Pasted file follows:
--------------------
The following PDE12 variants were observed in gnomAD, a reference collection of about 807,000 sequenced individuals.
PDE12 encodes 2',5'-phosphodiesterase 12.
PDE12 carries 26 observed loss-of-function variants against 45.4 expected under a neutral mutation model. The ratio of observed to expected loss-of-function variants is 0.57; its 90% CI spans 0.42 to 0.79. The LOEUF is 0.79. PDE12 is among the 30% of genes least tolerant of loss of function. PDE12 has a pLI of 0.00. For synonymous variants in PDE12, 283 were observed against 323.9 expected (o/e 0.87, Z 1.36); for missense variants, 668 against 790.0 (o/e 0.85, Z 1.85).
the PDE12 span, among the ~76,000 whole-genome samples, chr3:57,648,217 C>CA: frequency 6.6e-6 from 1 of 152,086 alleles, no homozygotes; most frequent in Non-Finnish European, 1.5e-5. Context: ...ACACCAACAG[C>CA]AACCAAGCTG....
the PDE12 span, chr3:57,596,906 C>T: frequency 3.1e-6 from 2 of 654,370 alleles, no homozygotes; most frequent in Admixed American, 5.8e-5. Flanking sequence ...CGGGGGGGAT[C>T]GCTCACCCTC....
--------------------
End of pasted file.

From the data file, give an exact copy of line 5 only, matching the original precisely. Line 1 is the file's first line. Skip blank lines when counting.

the PDE12 span, chr3:57,596,906 C>T: frequency 3.1e-6 from 2 of 654,370 alleles, no homozygotes; most frequent in Admixed American, 5.8e-5. Flanking sequence ...CGGGGGGGAT[C>T]GCTCACCCTC....